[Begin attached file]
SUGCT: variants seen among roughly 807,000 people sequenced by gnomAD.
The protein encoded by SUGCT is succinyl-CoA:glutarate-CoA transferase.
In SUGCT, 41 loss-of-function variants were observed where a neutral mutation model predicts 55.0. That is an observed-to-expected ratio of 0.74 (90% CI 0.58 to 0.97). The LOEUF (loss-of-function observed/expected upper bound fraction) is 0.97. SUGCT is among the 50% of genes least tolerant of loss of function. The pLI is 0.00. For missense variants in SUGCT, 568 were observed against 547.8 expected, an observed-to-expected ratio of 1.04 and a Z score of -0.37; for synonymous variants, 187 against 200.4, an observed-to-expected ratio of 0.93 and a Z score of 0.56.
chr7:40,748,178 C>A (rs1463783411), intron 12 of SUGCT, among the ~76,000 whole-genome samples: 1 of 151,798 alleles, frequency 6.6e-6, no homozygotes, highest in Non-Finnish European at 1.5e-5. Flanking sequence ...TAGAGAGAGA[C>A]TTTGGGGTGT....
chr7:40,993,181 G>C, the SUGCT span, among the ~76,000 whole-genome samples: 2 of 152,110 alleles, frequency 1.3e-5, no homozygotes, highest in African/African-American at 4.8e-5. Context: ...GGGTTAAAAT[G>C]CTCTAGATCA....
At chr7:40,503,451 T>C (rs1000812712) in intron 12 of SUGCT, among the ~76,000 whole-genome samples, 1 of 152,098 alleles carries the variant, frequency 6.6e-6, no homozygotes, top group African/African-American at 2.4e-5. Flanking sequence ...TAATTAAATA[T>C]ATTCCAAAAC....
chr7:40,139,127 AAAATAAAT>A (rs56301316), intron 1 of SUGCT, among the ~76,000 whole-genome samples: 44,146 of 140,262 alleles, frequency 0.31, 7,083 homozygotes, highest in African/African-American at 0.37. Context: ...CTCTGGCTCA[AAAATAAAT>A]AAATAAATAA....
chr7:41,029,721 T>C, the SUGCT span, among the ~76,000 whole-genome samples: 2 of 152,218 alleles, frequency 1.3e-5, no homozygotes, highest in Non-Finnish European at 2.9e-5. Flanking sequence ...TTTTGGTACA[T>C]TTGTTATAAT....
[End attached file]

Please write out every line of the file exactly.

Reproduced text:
SUGCT: variants seen among roughly 807,000 people sequenced by gnomAD.
The protein encoded by SUGCT is succinyl-CoA:glutarate-CoA transferase.
In SUGCT, 41 loss-of-function variants were observed where a neutral mutation model predicts 55.0. That is an observed-to-expected ratio of 0.74 (90% CI 0.58 to 0.97). The LOEUF (loss-of-function observed/expected upper bound fraction) is 0.97. SUGCT is among the 50% of genes least tolerant of loss of function. The pLI is 0.00. For missense variants in SUGCT, 568 were observed against 547.8 expected, an observed-to-expected ratio of 1.04 and a Z score of -0.37; for synonymous variants, 187 against 200.4, an observed-to-expected ratio of 0.93 and a Z score of 0.56.
chr7:40,748,178 C>A (rs1463783411), intron 12 of SUGCT, among the ~76,000 whole-genome samples: 1 of 151,798 alleles, frequency 6.6e-6, no homozygotes, highest in Non-Finnish European at 1.5e-5. Flanking sequence ...TAGAGAGAGA[C>A]TTTGGGGTGT....
chr7:40,993,181 G>C, the SUGCT span, among the ~76,000 whole-genome samples: 2 of 152,110 alleles, frequency 1.3e-5, no homozygotes, highest in African/African-American at 4.8e-5. Context: ...GGGTTAAAAT[G>C]CTCTAGATCA....
At chr7:40,503,451 T>C (rs1000812712) in intron 12 of SUGCT, among the ~76,000 whole-genome samples, 1 of 152,098 alleles carries the variant, frequency 6.6e-6, no homozygotes, top group African/African-American at 2.4e-5. Flanking sequence ...TAATTAAATA[T>C]ATTCCAAAAC....
chr7:40,139,127 AAAATAAAT>A (rs56301316), intron 1 of SUGCT, among the ~76,000 whole-genome samples: 44,146 of 140,262 alleles, frequency 0.31, 7,083 homozygotes, highest in African/African-American at 0.37. Context: ...CTCTGGCTCA[AAAATAAAT>A]AAATAAATAA....
chr7:41,029,721 T>C, the SUGCT span, among the ~76,000 whole-genome samples: 2 of 152,218 alleles, frequency 1.3e-5, no homozygotes, highest in Non-Finnish European at 2.9e-5. Flanking sequence ...TTTTGGTACA[T>C]TTGTTATAAT....